Handheld sprinkler systems are less expensive to install and easier to maintain than other types of sprinkler systems. However, they are more labor intensive.
Solid Array Sprinkler System
A solid set system is a system in which PVC pipes are laid firmly in the ground. Vertical risers are fitted, each with a sprinkler unit at the top. The distance between each riser can vary from 40 to over 100 feet. This distance is determined by the type and size of the sprinkler.
Center Pivot Irrigation Systems
They have horizontal pipe arms along which sprinkler units are installed. The arm is attached to a central pivot so that it rotates horizontally on its axis, distributing the water in an arc of a circle.
These systems can be made to order depending on the size of the field or area to be irrigated. Early models were water powered, but current units are powered by electric motors.
Irrigation systems with hose reel or mobile pistol
These types of systems have a large sprinkler unit connected to a hose and mounted on a cart. A tractor is used to pull the mobile system across the field, unwind the hose and bring water to the fields.
Drip irrigation supplies water to plants according to the amount of water that a particular plant requires. It is the most popular irrigation system in the world, especially in arid regions where water conservation and efficiency are particularly important.
Delivers water directly to the root zone of plants at the right time and in the right amount, making it easy to improve crop yields while saving energy, fertilizer and water.
Water and nutrients are distributed throughout the growing area using small-diameter pipes with precisely engineered drip points distributed along their length. Each dripper delivers water or water plus nutrients etc evenly along the entire length, encouraging higher quality and quantity crops.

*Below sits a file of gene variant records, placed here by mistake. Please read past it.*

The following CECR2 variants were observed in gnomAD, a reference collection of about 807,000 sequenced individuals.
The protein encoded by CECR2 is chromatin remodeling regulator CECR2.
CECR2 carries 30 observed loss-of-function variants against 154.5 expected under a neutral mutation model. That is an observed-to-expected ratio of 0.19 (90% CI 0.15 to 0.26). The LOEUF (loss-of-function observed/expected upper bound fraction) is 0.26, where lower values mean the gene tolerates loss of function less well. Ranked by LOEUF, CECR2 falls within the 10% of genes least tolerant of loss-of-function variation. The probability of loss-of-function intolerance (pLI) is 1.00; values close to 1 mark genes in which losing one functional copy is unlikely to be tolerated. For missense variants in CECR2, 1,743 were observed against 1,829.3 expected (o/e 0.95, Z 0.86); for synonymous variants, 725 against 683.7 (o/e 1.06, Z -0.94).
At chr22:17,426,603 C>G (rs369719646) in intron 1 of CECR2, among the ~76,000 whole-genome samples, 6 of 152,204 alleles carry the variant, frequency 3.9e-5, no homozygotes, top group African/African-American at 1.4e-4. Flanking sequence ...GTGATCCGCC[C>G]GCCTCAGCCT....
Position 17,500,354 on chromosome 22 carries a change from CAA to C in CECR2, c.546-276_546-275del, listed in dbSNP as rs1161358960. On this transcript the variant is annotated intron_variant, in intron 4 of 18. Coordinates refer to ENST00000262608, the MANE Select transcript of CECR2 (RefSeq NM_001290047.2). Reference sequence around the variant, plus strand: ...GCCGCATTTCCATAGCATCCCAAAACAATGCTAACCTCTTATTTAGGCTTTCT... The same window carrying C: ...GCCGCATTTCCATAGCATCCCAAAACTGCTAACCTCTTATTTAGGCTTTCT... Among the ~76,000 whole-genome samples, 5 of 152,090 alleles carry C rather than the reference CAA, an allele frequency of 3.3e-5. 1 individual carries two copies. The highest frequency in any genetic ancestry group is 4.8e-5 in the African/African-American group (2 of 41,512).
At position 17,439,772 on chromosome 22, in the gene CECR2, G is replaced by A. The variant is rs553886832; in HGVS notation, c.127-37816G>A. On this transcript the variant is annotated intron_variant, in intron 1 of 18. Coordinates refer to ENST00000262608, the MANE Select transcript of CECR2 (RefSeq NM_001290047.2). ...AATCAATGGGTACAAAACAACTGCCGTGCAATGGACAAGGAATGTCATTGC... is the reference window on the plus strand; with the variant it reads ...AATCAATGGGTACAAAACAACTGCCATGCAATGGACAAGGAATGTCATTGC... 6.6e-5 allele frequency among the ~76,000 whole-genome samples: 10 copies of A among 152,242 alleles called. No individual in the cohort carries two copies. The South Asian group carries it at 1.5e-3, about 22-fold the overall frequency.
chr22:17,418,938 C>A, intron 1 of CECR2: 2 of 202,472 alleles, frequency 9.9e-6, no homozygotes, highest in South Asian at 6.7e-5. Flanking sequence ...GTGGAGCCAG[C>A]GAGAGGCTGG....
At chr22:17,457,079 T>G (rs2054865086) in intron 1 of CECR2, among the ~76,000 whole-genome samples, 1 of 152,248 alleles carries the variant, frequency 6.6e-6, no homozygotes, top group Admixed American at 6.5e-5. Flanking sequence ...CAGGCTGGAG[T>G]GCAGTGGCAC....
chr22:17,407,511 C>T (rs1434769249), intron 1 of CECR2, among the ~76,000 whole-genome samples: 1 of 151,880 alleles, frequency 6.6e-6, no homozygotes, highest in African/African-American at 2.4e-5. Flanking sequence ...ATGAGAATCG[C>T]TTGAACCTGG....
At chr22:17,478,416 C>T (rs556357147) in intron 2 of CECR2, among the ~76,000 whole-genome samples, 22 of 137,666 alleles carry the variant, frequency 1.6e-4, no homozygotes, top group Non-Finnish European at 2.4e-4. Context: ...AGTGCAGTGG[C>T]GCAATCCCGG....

Drip irrigation can be tailored to the task, whether you're watering an entire field, multiple fields, or a vegetable garden.
The home gardener and drip irrigation
Drip irrigation is by far the mostbest methodWatering the plants in the garden of a house. It's relatively inexpensive, but even so, gardeners will recoup much of the initial cost in reduced water bills for years to come. The principles of drip irrigation for the garden are very similar to those used in agriculture, albeit on a much smaller scale, of course.
There is another option for the home gardener that deserves aeration and that is what is known as porous tube irrigation.
Porous tubing is completely porous throughout its length. This means water can be filtered exactly where it is needed after the pipes have been carefully placed. Installation can be on the surface of the soil or under any mulch or directly underground.